As a writer for Music City Miracles since February, it’s been my duty to bring the best coverage of your Tennessee Titans that I possibly can. It’s been a great ride so far, and I look forward to seeing what happens during the regular season.
So, in an effort to get to know the MCM crowd a little better, let’s discuss something that’s a little outside the box: What do you consider the best football video game of all time?
Two of my longtime loves have been football and video games, so with football video games, I get the best of both worlds. Unfortunately, Electronic Arts has a monopoly on NFL video games, so no one else gets to make licensed games these days, and that’s a shame.
In terms of classic football video games, there’s the obvious ones; Tecmo Super Bowl, NCAA Football 14, ESPN NFL 2K5, and Madden NFL 2004. A game I grew up with was NFL Street on the Gamecube. The game has no clock and the first team to 36 points wins, which is genius design. This allows for high scoring, arcade-style affairs.
But a series that means the most to me is the NFL Blitz series, specifically NFL Blitz 2000.
My Twitter handle @Brickwallblitz was named after the NFL Blitz series, and how could it not be? The NFL Blitz series has long been identified as taking the best aspects of the NFL while stripping away much of its fundamentals for pure 10-minute, arcade style football.
I actually never grew up playing the NFL Blitz games as a kid, instead playing them during my high school years in the early 2010s’. Not only were the games insanely addicting, but they were also hilarious. There’s no penalties, so defenders can commit pass interference, commit outrageously violent tackles, and even deliver late hits without being punished. It’s something that would never be tolerated in real life (rightfully so), which makes it all the more hilarious in a video game series that kicks realism to the curb.
I currently own the Nintendo 64 version of NFL Blitz 2000, which I’ve made sure to play religiously. It takes the original NFL Blitz concept and not only doubles the speed, but also adds a four player mode to the mix. The increase in speed gave a little realism to the game, as you had to make quicker decisions to avoid pressure while watching the routes develop.
Remember in NBA Jam where you could catch on fire after hitting a certain amount of consecutive shots? That’s in here too, where you complete a certain amount of passes to one player or get two sacks in a row. It allows your defense and offense to run right by everyone with unlimited turbo, and it’s an absolute blast when you do get it.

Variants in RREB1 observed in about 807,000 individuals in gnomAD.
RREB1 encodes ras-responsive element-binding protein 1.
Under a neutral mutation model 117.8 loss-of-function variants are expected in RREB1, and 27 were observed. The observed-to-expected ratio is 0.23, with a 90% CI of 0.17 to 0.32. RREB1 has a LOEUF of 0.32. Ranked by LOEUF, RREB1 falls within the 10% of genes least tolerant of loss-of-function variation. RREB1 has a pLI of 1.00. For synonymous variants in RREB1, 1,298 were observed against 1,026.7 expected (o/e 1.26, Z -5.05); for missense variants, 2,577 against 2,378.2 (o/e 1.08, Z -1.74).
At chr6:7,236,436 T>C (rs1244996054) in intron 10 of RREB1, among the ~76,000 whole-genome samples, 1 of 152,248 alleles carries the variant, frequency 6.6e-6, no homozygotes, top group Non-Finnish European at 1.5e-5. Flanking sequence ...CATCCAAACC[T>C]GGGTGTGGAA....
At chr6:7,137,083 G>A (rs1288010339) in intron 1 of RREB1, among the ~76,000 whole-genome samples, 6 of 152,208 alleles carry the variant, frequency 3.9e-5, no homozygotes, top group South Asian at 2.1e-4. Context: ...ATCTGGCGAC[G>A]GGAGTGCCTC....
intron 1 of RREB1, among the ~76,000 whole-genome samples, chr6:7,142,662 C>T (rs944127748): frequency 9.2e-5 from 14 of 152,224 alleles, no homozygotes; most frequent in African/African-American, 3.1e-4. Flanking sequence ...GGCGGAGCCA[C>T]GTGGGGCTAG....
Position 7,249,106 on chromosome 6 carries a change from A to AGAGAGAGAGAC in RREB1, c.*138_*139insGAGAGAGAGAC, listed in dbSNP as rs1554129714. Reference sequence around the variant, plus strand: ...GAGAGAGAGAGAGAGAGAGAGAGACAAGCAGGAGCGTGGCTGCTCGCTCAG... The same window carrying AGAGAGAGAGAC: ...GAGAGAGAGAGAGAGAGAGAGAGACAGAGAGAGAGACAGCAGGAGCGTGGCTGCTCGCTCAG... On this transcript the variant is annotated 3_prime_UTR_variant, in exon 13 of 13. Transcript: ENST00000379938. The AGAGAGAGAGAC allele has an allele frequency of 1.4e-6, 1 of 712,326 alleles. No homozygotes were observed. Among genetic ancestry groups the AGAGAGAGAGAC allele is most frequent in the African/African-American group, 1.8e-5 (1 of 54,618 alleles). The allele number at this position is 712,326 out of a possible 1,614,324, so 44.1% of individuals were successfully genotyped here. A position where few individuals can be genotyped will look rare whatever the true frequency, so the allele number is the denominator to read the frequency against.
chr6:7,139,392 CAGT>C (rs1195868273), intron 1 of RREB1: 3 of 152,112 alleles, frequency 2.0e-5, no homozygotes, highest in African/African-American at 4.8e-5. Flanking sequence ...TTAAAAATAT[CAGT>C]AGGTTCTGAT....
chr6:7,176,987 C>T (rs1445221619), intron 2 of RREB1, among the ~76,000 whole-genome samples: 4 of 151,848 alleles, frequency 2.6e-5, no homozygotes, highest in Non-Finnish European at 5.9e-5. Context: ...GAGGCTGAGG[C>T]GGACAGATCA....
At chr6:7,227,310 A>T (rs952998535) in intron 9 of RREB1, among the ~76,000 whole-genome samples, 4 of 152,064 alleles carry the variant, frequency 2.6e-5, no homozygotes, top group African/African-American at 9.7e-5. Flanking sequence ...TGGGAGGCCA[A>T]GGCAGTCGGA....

Of course, NFL Blitz 2000 was released in 1999, the year the Titans made the Super Bowl. In this game, the Titans have good rushing and special teams, but an average offensive line and defense and below average passing. Instead, the big four passing teams in this game are the Vikings, Broncos, 49ers and Jets (I swear). The 1998 Jets were one of the NFL’s best teams making it as far as the AFC Championship Game with head coach Bill Parcells and veteran journeyman Vinny Testaverde.
The game is extremely fast and extremely fun, but I’ve found the game is actually rigged to favor opponents losing by multiple scores, cranking up the fumbles, pressure, interceptions, and incomplete passes on defenses while decreasing the rest for their offense. I’ve found ways around this a few times, but it keeps the games closer and allows for a more adrenaline pumping experience.
As aforementioned, there’s a four-player mode, but my friends and I have found that the two-player mode works best, especially with the game’s Tournament Mode. Our games get so intense that some of us are known to rage quit the middle of them (not that I would ever do that.....ahem). The computer A.I. tends to be a little frustrating because they always pass the ball right as they touch the line of scrimmage, making them challenging to face even on the game’s easy mode.
Several unique features to the game include making quick audibles at the line of scrimmage, flipping the playbook so you get mirrored versions of each play, and a play editor that allows you to create any play you want. As for the built in plays, I recommend stuff like “Da Bomb” (The ultimate deep ball play) and the versatile “QB Post”; These are my favorite plays to use.
All in all, NFL Blitz 2000 is my favorite football video game of all time. It takes the best aspects of the NFL and maximizes them to outrageous absurdity, The game’s arcade style gameplay, crisp controls, intense matchups, and hilarious audio still hold up extremely well, and it also runs at a fast, smooth framerate.
More importantly, NFL Blitz 2000 is a game that brings my friends and I together. No matter how furious I, I mean we get over multiplayer matchups, we always look forward to playing it whenever I have people over. It’s special to me for that reason, as well as being special to me for being insanely addicting.
The game was also made available for the PS1 and Dreamcast, so you can find it on those consoles as well. Regardless of where you find it, I highly recommend playing NFL Blitz 2000, because it’s a football gaming classic.
With that said, what’s your favorite football game of all time? List your favorite in the comment section below.